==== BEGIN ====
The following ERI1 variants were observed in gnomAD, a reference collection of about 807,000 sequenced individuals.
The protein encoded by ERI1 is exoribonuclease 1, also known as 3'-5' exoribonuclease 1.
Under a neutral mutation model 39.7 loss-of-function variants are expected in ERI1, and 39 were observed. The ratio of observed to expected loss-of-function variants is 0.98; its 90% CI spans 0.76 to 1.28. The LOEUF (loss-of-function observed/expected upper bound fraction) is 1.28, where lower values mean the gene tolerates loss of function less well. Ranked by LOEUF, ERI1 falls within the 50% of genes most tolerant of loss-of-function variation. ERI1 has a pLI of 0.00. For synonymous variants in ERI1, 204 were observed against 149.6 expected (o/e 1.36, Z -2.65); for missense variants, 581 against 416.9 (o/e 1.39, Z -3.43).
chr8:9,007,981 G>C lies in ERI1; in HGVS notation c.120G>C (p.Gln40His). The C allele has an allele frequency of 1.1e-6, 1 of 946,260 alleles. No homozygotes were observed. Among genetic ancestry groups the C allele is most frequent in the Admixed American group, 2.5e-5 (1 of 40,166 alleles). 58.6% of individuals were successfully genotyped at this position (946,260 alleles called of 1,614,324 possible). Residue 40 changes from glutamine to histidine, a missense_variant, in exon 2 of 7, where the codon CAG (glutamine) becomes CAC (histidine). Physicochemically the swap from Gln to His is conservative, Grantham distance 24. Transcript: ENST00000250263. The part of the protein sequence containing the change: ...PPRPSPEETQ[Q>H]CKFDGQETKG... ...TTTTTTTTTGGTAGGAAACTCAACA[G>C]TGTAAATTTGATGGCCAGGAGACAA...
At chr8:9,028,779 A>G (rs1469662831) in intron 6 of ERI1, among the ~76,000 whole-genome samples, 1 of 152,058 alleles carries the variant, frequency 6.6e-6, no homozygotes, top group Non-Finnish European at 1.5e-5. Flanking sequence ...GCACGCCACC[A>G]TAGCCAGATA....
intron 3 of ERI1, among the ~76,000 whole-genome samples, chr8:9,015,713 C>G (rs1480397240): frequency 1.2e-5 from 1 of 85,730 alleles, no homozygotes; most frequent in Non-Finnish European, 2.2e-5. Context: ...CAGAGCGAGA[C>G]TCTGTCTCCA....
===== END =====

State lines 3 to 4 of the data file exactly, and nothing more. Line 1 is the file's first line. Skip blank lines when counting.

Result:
Under a neutral mutation model 39.7 loss-of-function variants are expected in ERI1, and 39 were observed. The ratio of observed to expected loss-of-function variants is 0.98; its 90% CI spans 0.76 to 1.28. The LOEUF (loss-of-function observed/expected upper bound fraction) is 1.28, where lower values mean the gene tolerates loss of function less well. Ranked by LOEUF, ERI1 falls within the 50% of genes most tolerant of loss-of-function variation. ERI1 has a pLI of 0.00. For synonymous variants in ERI1, 204 were observed against 149.6 expected (o/e 1.36, Z -2.65); for missense variants, 581 against 416.9 (o/e 1.39, Z -3.43).
chr8:9,007,981 G>C lies in ERI1; in HGVS notation c.120G>C (p.Gln40His). The C allele has an allele frequency of 1.1e-6, 1 of 946,260 alleles. No homozygotes were observed. Among genetic ancestry groups the C allele is most frequent in the Admixed American group, 2.5e-5 (1 of 40,166 alleles). 58.6% of individuals were successfully genotyped at this position (946,260 alleles called of 1,614,324 possible). Residue 40 changes from glutamine to histidine, a missense_variant, in exon 2 of 7, where the codon CAG (glutamine) becomes CAC (histidine). Physicochemically the swap from Gln to His is conservative, Grantham distance 24. Transcript: ENST00000250263. The part of the protein sequence containing the change: ...PPRPSPEETQ[Q>H]CKFDGQETKG... ...TTTTTTTTTGGTAGGAAACTCAACA[G>C]TGTAAATTTGATGGCCAGGAGACAA...